20 Ruark R5 aA few months ago I wrote about the Plus record player that puts speakers, amplification and wireless tech in a single cabinet with a turntable on top; a complete vinyl system in just one box. The reader reaction was immediate and exceptional, and everyone had just one question; where can I buy one?

It seems lots of people want good quality music… simply; one box that does it all. And so to Ruark’s R5 that, like the Plus, does it all. Except the R5 is based around CDs rather than vinyl. Ruark, a family-owned British hi fi brand, started up in 1986 when CDs began to clobber vinyl, and the company heritage is all digital.

First and foremost the R5 is simple. It’s a single box with a display and a CD slot at the front, nicely tactile controls grouped intuitively around a selector wheel on top, and inputs and outputs at the rear – enough to satisfy the needs of about 99 per cent of people.

The user guide is logical, helpful and detailed, the set-up is dead simple. It only took minutes before I had the R5 hooked into my wifi and, thus, all the music on my computer and my phone, not to mention Spotify, Deezer, Amazon Music and Tidal. There’s an optical connection for the television, a USB handling MP3, AAC, WAV, FLAC and WMA and a phono connection as well as RCAs in and out.

I started the R5 up by tuning it to DAB+ radio, then found ABC Classic where I lucked into Emma Kirkby and the Westminster Cathedral Boys Choir singing Mozart’s Regina Coeli. It stopped me dead in my tracks. The singing was clear, precise and detailed, the playing by the Academy of Ancient Music pure and wonderfully realised. It was spine shiveringly good. The R5 didn’t sound like a $2000 system, it could have cost twice that. A wow moment.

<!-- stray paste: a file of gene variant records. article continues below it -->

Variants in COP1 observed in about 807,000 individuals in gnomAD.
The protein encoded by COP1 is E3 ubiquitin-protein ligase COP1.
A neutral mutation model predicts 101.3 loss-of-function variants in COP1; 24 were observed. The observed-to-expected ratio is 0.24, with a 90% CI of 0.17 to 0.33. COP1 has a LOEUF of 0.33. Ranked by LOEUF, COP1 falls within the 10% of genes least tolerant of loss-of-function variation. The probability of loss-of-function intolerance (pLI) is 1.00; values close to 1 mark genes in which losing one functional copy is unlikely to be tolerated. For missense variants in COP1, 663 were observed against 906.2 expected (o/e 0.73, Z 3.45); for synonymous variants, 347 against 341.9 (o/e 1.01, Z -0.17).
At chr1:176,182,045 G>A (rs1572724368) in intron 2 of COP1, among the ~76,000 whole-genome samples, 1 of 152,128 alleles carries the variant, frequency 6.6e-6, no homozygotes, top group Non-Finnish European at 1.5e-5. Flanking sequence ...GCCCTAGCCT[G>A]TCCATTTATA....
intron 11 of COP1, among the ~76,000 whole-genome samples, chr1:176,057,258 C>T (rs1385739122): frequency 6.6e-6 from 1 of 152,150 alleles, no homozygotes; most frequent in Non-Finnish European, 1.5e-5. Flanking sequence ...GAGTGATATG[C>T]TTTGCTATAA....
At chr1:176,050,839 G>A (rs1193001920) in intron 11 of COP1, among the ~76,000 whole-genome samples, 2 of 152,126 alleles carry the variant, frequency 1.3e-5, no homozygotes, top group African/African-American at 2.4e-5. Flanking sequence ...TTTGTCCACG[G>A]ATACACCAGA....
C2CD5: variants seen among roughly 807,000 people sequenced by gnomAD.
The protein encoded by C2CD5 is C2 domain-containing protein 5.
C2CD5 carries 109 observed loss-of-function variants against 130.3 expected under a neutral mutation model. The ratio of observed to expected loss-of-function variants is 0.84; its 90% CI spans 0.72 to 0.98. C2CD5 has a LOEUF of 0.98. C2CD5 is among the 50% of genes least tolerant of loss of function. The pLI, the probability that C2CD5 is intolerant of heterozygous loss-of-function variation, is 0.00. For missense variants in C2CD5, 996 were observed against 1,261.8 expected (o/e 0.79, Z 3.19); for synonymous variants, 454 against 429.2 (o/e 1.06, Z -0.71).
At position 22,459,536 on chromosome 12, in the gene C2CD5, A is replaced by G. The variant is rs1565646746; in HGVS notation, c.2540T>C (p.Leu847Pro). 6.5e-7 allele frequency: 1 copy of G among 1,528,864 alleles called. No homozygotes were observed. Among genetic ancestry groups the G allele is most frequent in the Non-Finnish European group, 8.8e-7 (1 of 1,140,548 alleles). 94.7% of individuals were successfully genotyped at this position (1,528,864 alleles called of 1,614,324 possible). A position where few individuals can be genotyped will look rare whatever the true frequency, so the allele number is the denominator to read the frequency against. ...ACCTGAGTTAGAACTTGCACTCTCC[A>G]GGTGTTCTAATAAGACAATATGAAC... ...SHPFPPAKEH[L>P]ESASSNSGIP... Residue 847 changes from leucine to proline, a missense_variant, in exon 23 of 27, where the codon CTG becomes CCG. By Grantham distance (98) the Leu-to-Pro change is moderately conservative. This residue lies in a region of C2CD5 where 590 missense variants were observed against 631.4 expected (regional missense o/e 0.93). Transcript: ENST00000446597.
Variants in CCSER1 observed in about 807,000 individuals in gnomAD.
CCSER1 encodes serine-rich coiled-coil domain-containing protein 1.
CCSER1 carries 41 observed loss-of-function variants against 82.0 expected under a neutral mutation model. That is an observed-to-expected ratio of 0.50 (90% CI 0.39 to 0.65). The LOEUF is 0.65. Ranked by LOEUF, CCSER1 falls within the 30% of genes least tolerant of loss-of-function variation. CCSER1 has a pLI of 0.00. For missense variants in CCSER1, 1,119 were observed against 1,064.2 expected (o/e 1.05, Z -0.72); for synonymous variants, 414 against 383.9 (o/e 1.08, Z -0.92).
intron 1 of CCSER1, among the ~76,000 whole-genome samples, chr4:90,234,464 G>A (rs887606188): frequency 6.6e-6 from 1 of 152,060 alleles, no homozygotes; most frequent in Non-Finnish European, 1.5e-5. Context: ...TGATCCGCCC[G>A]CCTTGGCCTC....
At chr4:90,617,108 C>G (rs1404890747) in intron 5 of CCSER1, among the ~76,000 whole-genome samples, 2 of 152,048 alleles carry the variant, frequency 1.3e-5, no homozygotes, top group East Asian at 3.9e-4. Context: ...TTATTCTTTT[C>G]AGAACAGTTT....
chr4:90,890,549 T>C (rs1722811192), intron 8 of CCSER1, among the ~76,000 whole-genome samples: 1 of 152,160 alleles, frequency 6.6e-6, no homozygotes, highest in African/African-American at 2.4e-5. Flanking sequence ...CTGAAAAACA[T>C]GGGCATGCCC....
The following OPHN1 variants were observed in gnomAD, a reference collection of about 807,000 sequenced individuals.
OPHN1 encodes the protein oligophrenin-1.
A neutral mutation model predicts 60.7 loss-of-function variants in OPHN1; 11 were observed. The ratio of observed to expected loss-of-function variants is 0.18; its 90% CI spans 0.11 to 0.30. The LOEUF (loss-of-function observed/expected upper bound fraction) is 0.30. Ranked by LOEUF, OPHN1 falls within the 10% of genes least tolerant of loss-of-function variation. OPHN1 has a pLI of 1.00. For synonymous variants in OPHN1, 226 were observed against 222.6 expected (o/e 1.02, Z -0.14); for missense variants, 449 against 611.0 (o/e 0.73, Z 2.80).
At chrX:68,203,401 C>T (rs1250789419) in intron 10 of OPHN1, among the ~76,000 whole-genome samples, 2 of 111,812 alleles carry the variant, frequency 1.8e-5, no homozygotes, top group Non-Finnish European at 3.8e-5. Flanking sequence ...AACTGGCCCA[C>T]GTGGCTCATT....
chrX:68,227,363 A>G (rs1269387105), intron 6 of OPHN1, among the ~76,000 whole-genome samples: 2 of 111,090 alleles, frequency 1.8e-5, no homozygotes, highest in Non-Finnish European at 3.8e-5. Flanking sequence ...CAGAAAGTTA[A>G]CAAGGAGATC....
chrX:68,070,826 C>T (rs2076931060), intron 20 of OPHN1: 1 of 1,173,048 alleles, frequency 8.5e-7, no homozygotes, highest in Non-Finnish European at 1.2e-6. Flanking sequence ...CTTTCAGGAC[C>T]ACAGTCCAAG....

Now it had my complete and undivided attention. I hooked in my portable music player through Bluetooth aptX-HD and ran through my audition tracks. The sound was just a tad too bass-oriented for me. And then I discovered the tone controls. Okay they’re basic, but they’re good enough to lift the sound off the bottom and bring in beautiful detail up high. Tone controls are becoming uncommon these days but nothing is as handy for improving comprehension from the television; reduce bass, increase treble and you’ll be amazed how much clearer voices become.

20 Ruark R5 cPlaying a CD is simply a matter of putting one in the slot, but the R5 doesn’t play SACDs or DVD-Audio discs. If you’re into it there is a multi-room capability synching with up to seven other Ruark connected models. There’s also FM tuning and internet radio. Finally there’s a 3.5mm headphone jack on the front panel.

The R5 has two 75 mm full-range drivers and an integrated 125mm long throw subwoofer driven by a class A-B amplifier with enough horsepower to fill a large room. Turn the volume to max and there’s no distortion; you can feel the air moving out front. There’s a loud setting to enhance the bottom end but like all loud buttons should be, this only works at lower volume levels.

There was a single problem with the test unit. The remote control, which is a hand-held version of the controller atop the R5, wouldn’t connect and even with help from the importer and a second battery I couldn’t get it working. It frustrated me to the point of annoyance. But jeez Louise the R5 sounds good for $1999.

First published by smh.com.au June 2019.


Tags: ,